In a December interview with leaders from Rush Enterprises, a national commercial truck dealer, the company’s COO, Michael McRoberts, told a group of truck media that not all of his customers are rushing at the opportunity to purchase electric trucks.
There are multiple reasons for the lack in motivation, but one area where fleets are concerned is charging.
Fleets can’t even consider EVs without planning how to charge them. And unless they install their own charging infrastructure at their facilities, they might find keeping juice in their EV batteries to be quite the challenge.
One might think public charging is sufficient, but a look at the numbers tells a different story. There are currently just over 140,000 public charging ports in the U.S., according to the most recent data from the Department of Energy. When it comes to gasoline and diesel fueling stations, there are 118,678 convenience stores, 13,346 fuel kiosks, and 6,648 big-box retail sites with fueling stations, according to the National Association of Convenience Stores—each with multiple pumps and able to fill a tank in a mere fraction of the time it takes to charge an EV battery to full capacity.
In a fall webinar hosted by Samsara, a cloud-based fleet management platform, Stephan Schablinski of DHL said the company had no choice but to install their own charging infrastructure because public chargers just weren’t sufficient.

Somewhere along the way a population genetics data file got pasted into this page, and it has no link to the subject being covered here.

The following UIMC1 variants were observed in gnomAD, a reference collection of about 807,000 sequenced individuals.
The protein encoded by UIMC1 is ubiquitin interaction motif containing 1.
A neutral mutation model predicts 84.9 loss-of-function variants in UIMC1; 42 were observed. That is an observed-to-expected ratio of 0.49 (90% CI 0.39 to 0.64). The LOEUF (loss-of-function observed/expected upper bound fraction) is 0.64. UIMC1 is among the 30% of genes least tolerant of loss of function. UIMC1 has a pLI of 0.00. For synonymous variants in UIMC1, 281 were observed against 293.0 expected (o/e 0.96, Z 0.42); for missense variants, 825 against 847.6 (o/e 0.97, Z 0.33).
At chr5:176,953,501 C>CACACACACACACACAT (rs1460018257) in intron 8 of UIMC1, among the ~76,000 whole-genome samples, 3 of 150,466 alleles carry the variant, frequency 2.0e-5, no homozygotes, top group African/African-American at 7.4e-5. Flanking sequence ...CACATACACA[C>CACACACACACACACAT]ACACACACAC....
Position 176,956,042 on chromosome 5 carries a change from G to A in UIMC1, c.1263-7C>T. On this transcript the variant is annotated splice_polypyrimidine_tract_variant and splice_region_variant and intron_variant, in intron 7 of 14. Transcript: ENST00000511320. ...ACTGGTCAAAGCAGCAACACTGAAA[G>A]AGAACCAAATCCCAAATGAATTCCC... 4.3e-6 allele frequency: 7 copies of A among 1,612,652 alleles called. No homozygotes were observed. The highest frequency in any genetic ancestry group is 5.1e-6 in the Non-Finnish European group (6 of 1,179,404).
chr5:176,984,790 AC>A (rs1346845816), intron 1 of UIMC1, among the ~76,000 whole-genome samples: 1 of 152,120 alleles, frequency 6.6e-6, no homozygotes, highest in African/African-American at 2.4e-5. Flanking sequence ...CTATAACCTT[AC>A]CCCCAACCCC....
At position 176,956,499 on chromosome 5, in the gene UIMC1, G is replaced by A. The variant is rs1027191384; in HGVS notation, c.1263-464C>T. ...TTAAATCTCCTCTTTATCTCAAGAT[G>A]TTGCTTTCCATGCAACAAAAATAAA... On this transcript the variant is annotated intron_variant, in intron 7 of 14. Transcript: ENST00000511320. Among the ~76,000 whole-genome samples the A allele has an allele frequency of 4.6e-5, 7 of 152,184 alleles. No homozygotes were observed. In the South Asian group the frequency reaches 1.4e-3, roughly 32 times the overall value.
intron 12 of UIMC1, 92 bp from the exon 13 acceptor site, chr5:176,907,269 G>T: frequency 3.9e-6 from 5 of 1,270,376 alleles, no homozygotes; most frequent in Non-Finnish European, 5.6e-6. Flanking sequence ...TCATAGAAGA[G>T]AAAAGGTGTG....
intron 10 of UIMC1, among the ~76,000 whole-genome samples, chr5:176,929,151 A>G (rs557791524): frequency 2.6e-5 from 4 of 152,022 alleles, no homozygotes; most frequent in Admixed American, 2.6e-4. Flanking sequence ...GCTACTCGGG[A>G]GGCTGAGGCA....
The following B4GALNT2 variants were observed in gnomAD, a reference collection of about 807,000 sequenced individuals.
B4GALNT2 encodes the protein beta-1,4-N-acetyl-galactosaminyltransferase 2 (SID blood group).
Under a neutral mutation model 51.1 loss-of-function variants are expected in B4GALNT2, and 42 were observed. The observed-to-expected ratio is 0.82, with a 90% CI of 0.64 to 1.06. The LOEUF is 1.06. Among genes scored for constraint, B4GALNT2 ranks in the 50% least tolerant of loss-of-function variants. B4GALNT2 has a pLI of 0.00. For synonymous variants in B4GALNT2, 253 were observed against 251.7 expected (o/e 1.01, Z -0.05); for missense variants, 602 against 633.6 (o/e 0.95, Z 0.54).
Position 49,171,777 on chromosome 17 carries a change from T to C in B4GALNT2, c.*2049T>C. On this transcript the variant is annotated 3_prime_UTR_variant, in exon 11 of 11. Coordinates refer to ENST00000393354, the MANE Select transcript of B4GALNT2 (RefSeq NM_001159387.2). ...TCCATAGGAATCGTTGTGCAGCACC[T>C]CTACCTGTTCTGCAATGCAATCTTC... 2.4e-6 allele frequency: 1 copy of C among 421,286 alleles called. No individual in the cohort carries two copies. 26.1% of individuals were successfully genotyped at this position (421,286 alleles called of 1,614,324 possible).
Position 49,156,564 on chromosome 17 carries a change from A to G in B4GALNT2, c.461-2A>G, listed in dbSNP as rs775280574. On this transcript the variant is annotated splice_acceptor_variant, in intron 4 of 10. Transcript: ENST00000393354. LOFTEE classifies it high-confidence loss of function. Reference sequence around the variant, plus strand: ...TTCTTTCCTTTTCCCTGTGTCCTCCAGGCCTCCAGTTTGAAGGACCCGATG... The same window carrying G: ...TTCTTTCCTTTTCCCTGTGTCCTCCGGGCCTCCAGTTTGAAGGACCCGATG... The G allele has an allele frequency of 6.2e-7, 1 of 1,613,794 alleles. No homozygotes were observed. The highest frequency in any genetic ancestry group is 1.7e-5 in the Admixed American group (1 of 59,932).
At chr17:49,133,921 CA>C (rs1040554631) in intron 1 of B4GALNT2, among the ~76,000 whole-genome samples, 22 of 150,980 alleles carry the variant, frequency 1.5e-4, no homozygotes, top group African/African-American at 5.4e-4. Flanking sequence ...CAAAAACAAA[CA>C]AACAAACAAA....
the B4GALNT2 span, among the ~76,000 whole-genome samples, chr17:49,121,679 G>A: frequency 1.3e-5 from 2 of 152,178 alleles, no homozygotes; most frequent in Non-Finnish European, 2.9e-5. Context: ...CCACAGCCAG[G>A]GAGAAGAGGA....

The need for public EV charging infrastructure is dire for the adoption of zero-emission vehicles both for fleets and for personal use. Although the number of charging ports nationwide is low, the good news is that the number of public and private EV charging ports nearly doubled from 2019 to 2023, according to the Office of Energy Efficiency and Renewable Energy. Further investments from the federal government and state governments will help build out the charging infrastructure necessary for an EV transition, and those investments continue to grow.
“As major manufacturers continue to roll out medium- and heavy-duty EVs, the need for charging infrastructure equipment becomes more urgent," Alyssa Haerle, CALSTART director of infrastructure incentive administration, told FleetOwner.
Two major investments in EV charging infrastructure and hydrogen fueling stations were recently announced by the Biden Administration and the California Energy Commission.
Investments totaling $723 million toward ZEV infrastructure
To build out at least 500,000 public electric vehicle chargers by 2030, the Biden-Harris Administration announced $623 million in grants to fund charging infrastructure programs across the nation. This funding will come from a portion of the Bipartisan Infrastructure Law’s $2.5 billion Charging and Fueling Infrastructure Discretionary Grant Program, which will help fund 47 EV charging and alternative-fueling infrastructure projects in 22 states and Puerto Rico. This also includes the construction of approximately 7,500 EV charging ports.
“This funding will help ensure that EV chargers are accessible, reliable, and convenient for American drivers while creating jobs in charger manufacturing, installation, and maintenance for American workers,” U.S. Transportation Secretary Pete Buttigieg said in a press release.
Additional funding announced includes another $311 million from the Federal Highway Administration to fund 36 community projects, including projects in two Native American communities in Arizona and Alaska. These projects will fund EV charging infrastructure and hydrogen fueling infrastructure in rural and urban communities, including locations such as multi-family housing, schools, parks, and libraries.